This update includes eleven new sketches for the families of Thomas Andrews (m. 1641), William Gaylord (m. 1641), Humphrey Johnson (m. 1641), Isaac Johnson (m. 1636), Henry Kimball (m. 1641), John Leverett (m. 1639), Richard Lyman (m. 1641), Robert Shelley (m. 1636), Hilliard Veren (m. 1641), Henry Winthrop (m. 1629), and John Winthrop (m. 1630).
The Early New England Families Study Project has been created to fill the need for accurate and concise published summaries on seventeenth-century New England families. Using Clarence Almon Torrey’s bibliographic index of early New England marriages and its recent successors as a guide, our goal is to compile authoritative and documented sketches to be published in searchable format on AmericanAncestors.org and, potentially, in a series of books. Following the work of Robert Charles Anderson in the Great Migration Study Project, the Early New England Families Study Project will, in the next decades, deal with more than 35,000 marriages.
The Great Migration Study Project will eventually treat all immigrants who came to New England through 1640. The Early New England Families Study Project will focus on individuals who emigrated in 1641 or later, but our sketches will be grouped by year of marriage rather than immigration. Consequently, in the transition between the two projects we cannot always simply use the year of marriage as our only benchmark. Some couples who married in 1641 had already arrived in New England, unmarried, and are being treated in the Great Migration Study Project. Some couples who arrived in 1641 were married before they came to New England. Some children who came to New England with their parents during the Great Migration were married before 1641 but were not (or will not be) fully treated in the Great Migration Study Project. The Early New England Families Study Project will continue on to treat all marriages through 1700.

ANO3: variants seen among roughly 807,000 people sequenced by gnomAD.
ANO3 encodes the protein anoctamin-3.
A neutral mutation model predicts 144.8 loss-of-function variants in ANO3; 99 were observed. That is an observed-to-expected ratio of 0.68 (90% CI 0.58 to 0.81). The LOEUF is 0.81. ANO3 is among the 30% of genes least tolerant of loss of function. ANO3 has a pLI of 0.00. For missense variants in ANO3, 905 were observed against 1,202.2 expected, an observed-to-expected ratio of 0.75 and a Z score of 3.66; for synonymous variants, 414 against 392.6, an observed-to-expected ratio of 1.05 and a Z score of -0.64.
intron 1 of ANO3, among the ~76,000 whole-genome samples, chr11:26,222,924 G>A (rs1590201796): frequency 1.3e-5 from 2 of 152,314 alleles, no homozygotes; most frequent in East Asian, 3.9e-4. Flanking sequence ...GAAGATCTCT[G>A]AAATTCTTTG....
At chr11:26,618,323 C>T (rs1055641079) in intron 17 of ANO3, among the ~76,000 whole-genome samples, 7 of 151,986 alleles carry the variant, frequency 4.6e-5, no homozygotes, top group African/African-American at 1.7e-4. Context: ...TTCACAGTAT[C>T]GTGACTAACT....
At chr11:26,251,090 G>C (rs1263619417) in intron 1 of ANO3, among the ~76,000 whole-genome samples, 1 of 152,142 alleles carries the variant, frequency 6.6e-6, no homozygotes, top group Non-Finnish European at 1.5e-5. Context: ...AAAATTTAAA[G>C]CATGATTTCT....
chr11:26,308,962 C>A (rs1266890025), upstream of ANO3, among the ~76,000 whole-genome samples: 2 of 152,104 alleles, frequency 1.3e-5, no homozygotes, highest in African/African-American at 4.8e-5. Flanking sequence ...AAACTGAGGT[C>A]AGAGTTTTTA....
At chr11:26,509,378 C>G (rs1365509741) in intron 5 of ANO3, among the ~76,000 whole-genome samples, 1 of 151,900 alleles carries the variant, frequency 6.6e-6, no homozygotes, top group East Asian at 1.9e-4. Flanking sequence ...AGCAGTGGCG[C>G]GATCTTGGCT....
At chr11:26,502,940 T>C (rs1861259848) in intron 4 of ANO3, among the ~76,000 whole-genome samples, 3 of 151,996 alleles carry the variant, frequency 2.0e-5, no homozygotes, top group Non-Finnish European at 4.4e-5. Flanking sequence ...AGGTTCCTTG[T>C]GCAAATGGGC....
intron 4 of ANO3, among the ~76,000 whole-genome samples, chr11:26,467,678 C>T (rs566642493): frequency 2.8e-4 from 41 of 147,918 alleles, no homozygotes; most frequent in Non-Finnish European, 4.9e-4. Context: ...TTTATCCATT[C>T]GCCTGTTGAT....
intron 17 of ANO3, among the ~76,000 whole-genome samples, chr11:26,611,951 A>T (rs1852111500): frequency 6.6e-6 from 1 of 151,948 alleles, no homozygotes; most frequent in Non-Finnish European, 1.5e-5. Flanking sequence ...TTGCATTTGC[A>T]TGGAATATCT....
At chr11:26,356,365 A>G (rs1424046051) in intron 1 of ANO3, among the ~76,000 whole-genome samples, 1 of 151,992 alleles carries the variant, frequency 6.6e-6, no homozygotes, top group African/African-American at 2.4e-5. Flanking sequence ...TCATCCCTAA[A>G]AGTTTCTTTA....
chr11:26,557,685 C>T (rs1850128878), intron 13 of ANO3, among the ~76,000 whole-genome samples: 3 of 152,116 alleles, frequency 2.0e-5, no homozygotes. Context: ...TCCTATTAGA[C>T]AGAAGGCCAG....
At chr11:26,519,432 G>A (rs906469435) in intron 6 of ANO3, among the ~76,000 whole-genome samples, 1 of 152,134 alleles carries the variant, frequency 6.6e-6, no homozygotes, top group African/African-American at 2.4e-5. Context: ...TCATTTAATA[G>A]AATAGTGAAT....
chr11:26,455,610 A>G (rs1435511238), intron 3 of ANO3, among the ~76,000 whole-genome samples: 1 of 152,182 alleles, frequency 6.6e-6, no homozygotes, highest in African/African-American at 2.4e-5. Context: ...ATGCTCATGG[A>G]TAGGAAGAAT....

Although “Torrey’s Marriages” is credited with indexing nearly all New England marriages in the seventeenth-century, some exceptions will be addressed in our project. Included in these exceptions are nonwhite and non-Protestant couples, as well as couples identified in the last fifty years.
Other online study projects include the Great Migration Study Project and Western Massachusetts Families in 1790.
If you have any questions about this, or any other database on the AmericanAncestors.org website, please contact us at email@example.com.
Search Early Families of New England.